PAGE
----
Reauthorization Bill Scrutiny Begins


The controversial FAA reauthorization bill that includes privatizing the air traffic control system will begin its journey through what is expected to be a tough legislative process Wednesday with a hearing. Four witnesses, including representatives of Airlines 4 America, the National Air Traffic Controllers Association, the Reason Foundation and NBAA President Ed Bolen will testify. In a way, the makeup of the hearing mirrors the primary concern of GA groups who have generally opposed the bill. The overriding worry is that the makeup of the board of directors is heavily weighted toward the airline industry and that other aviation sectors will not get the same access and benefits from the system. The National Air Transport Association added its concern about that Tuesday in a news release. After Wednesday’s hearing, the bill heads to committee markup where it will be amended in preparation for presentation in the House.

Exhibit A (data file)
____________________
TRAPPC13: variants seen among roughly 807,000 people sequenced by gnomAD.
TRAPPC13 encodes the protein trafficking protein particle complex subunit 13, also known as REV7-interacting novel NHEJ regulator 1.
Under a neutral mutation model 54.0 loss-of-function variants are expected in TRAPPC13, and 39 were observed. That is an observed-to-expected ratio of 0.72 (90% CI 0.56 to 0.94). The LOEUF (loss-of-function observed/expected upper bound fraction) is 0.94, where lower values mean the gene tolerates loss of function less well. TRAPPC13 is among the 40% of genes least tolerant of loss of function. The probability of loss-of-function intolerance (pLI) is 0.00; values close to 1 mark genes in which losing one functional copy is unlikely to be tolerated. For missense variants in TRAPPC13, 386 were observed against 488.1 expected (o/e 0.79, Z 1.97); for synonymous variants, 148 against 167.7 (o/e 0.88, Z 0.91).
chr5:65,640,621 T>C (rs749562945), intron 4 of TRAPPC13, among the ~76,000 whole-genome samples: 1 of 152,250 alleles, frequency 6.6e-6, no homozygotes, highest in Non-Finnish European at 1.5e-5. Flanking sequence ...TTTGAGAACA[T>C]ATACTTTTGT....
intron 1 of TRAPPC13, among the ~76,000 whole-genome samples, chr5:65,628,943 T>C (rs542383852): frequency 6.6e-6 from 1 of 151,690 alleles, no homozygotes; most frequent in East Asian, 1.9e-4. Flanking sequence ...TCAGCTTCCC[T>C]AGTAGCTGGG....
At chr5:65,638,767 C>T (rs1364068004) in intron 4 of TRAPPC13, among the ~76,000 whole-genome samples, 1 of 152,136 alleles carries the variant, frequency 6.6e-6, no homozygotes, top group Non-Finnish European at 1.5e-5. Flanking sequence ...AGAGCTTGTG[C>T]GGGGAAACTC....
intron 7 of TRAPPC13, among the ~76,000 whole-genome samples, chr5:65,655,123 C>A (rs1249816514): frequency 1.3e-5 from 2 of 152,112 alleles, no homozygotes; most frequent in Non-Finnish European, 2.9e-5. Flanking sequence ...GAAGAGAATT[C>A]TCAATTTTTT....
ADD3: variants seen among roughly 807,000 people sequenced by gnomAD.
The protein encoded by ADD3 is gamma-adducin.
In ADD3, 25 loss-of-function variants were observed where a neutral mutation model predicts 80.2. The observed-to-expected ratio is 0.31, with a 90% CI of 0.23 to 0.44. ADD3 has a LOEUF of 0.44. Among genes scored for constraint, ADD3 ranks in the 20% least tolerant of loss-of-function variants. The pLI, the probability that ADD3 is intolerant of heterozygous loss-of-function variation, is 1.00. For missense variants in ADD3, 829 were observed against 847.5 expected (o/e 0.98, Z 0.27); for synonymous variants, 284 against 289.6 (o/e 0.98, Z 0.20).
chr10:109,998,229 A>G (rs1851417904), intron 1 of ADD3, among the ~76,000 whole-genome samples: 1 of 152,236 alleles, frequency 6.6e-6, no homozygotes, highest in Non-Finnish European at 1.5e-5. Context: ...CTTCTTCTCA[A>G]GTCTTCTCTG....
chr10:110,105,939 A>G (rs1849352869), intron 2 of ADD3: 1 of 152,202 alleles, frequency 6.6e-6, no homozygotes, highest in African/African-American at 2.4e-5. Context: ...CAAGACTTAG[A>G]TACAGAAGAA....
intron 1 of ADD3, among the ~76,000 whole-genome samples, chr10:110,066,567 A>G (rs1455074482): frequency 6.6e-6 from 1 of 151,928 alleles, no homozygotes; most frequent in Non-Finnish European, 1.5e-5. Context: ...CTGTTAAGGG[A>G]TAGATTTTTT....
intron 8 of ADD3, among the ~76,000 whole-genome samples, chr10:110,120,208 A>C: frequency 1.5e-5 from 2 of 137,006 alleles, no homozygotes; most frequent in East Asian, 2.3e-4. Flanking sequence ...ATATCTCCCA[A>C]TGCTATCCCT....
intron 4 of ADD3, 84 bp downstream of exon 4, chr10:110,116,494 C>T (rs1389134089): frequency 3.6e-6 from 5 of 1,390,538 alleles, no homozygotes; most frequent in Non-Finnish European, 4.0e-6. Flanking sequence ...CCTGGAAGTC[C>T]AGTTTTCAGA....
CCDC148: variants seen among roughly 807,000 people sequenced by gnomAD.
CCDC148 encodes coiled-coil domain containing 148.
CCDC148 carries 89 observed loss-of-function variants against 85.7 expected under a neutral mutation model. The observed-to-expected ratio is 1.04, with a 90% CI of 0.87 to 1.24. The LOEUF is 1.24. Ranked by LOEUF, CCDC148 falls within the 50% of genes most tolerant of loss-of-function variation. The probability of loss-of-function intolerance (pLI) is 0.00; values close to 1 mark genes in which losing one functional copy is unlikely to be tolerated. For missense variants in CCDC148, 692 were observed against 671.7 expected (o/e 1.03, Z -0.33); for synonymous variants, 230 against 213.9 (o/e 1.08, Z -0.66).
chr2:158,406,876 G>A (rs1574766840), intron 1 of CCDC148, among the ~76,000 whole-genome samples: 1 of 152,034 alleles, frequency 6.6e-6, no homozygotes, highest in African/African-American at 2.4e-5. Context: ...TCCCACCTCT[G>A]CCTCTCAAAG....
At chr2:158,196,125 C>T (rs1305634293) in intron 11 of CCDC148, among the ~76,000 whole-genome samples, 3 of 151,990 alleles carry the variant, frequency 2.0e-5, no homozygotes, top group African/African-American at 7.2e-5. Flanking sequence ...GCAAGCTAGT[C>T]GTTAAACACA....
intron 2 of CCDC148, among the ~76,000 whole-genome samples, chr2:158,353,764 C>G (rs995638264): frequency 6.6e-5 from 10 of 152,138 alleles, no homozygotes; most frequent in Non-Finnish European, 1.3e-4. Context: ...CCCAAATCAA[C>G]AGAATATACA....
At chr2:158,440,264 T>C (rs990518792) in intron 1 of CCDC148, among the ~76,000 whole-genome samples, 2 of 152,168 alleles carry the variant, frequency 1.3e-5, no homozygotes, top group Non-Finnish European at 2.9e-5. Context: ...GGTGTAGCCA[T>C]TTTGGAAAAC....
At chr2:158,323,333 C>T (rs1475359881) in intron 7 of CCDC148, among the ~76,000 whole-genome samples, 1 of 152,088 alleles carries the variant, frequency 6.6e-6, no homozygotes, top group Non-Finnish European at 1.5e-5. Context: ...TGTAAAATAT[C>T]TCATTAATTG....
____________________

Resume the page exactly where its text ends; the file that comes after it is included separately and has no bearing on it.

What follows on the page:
While all the alphabet groups have seen something to support in the 270-page bill, especially the liberal take on third class medical reform (the bill, as presented, would create the so-called drivers license medical for most private pilots), there are plenty of concerns, too. Many in Congress have concerns, also so the final version of the bill is expected to be much different from the one presented last week. Jim Coon, AOPA’s senior vice president of government affairs, said the bill has a long way to go before it is passed, if it is ever passed. “This is the first step in a long and arduous process and we will work to ensure that any legislation protects the interests of general aviation,” Coon said in a statement to AVweb. He said AOPA will never accept user fees for GA operators but he also said the system needs change. “I believe most folks would agree that the status quo is difficult to defend,” he said.”Having said that, we do have concerns about how ATC reforms in other countries have negatively impacted GA and we want to make sure that those mistakes are not made here in the United States.”